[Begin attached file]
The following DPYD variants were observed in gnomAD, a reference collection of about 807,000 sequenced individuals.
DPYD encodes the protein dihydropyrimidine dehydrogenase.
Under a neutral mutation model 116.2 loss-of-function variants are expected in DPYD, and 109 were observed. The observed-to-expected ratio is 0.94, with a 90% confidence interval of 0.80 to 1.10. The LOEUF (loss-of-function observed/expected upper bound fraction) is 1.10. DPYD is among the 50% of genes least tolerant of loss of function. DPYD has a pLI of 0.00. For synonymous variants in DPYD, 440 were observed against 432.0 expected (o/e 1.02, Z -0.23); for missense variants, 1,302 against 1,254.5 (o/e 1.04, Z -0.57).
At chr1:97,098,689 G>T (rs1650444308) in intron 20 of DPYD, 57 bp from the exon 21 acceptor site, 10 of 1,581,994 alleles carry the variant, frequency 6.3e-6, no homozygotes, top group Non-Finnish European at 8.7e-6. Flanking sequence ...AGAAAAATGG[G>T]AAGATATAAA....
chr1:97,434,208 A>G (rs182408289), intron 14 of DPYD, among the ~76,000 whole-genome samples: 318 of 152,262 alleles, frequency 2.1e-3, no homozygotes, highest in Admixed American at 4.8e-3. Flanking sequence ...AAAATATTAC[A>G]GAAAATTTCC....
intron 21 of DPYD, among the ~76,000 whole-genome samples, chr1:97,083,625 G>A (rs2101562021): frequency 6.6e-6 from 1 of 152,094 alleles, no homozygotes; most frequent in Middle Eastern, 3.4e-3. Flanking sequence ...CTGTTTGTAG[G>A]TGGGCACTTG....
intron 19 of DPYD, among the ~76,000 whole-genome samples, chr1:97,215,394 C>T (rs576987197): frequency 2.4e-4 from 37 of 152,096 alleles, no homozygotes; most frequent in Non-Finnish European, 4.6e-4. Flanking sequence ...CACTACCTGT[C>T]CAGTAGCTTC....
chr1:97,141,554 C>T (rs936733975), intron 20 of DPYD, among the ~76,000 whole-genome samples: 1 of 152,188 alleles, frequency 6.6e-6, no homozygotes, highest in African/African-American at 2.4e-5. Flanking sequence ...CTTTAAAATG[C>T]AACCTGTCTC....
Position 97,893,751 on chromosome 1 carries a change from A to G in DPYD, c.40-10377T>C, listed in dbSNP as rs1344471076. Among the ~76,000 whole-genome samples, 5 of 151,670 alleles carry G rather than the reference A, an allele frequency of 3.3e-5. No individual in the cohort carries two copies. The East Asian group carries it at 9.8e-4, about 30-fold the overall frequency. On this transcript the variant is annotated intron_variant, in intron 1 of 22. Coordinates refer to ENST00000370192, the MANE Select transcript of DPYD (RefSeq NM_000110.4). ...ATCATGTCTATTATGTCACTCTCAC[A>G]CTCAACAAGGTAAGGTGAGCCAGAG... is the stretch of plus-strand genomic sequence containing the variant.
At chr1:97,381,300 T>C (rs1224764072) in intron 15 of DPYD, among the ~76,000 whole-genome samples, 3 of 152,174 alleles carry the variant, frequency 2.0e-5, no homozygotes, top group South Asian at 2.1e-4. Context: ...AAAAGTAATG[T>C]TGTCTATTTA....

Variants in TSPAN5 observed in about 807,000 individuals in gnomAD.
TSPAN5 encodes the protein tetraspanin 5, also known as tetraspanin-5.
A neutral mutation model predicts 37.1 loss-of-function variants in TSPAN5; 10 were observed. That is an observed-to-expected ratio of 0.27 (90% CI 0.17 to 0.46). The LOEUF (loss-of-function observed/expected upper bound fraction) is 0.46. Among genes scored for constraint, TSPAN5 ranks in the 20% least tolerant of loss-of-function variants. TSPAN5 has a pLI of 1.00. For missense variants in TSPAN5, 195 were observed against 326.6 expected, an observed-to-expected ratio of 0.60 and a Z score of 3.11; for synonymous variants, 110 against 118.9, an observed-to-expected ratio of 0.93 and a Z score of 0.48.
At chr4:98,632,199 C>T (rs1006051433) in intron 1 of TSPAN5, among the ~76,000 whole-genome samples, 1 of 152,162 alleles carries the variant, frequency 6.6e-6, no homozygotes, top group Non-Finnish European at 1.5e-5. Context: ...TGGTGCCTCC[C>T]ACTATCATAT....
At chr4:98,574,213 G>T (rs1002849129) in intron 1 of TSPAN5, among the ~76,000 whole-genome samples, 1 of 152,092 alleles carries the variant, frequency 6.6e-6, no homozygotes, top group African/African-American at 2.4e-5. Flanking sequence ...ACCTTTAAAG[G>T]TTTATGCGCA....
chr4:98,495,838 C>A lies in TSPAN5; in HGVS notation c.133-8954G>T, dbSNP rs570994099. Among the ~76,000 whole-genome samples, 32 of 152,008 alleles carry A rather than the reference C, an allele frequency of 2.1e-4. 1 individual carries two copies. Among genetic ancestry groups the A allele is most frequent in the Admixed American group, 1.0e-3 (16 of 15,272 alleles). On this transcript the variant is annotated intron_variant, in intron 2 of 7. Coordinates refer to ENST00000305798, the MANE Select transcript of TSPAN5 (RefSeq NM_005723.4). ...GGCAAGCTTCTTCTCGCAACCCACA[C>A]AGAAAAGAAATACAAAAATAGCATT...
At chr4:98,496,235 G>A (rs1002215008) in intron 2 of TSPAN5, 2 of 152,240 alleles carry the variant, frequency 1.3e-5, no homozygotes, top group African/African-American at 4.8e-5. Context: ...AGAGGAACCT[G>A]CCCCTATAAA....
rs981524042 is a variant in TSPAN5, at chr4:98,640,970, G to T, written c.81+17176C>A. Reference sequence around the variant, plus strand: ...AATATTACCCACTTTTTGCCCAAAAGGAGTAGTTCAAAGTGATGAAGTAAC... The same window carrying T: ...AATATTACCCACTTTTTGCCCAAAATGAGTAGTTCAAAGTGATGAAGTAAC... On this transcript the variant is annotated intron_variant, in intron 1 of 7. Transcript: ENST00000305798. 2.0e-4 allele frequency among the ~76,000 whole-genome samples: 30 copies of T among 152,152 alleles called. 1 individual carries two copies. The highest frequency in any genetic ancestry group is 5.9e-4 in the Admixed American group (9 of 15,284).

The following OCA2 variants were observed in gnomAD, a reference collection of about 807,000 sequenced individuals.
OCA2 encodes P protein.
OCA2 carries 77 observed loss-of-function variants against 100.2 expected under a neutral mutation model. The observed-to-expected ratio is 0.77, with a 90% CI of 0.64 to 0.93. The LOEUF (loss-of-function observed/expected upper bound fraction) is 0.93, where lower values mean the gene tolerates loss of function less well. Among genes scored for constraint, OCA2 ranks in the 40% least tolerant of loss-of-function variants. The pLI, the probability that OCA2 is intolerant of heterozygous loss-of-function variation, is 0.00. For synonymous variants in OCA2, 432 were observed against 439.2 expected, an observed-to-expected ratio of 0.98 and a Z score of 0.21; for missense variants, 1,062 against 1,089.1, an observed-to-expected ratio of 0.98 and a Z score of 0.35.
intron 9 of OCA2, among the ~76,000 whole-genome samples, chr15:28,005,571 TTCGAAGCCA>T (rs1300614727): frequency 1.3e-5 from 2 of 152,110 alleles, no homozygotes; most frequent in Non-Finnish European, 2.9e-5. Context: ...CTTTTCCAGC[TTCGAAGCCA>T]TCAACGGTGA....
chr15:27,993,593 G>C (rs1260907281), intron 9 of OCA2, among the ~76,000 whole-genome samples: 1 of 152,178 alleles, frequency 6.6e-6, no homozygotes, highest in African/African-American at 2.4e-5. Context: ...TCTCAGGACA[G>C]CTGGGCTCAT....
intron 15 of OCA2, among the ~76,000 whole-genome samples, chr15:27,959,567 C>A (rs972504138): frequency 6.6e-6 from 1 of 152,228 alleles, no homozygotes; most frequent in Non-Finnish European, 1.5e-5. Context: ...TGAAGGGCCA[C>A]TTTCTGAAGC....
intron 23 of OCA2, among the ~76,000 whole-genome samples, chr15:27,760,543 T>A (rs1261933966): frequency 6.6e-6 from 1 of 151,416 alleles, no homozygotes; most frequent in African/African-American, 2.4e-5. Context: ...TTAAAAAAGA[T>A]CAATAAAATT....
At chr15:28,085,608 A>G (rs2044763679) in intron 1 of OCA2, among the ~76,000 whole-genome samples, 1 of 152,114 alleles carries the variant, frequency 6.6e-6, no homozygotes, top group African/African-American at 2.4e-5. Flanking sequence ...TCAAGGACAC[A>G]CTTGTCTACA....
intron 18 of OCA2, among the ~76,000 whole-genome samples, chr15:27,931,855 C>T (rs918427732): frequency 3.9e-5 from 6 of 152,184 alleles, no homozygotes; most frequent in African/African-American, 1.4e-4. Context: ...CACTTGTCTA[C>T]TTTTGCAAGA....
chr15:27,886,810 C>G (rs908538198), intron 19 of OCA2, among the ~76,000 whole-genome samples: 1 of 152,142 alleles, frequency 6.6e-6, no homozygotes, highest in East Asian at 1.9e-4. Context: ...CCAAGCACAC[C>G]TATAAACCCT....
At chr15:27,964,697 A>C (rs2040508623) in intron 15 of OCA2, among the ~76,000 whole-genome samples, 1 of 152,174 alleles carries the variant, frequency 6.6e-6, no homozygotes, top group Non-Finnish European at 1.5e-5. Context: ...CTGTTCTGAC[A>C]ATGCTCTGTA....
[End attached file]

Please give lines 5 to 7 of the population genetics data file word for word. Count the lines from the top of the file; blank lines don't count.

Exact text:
chr1:97,434,208 A>G (rs182408289), intron 14 of DPYD, among the ~76,000 whole-genome samples: 318 of 152,262 alleles, frequency 2.1e-3, no homozygotes, highest in Admixed American at 4.8e-3. Flanking sequence ...AAAATATTAC[A>G]GAAAATTTCC....
intron 21 of DPYD, among the ~76,000 whole-genome samples, chr1:97,083,625 G>A (rs2101562021): frequency 6.6e-6 from 1 of 152,094 alleles, no homozygotes; most frequent in Middle Eastern, 3.4e-3. Flanking sequence ...CTGTTTGTAG[G>A]TGGGCACTTG....
intron 19 of DPYD, among the ~76,000 whole-genome samples, chr1:97,215,394 C>T (rs576987197): frequency 2.4e-4 from 37 of 152,096 alleles, no homozygotes; most frequent in Non-Finnish European, 4.6e-4. Flanking sequence ...CACTACCTGT[C>T]CAGTAGCTTC....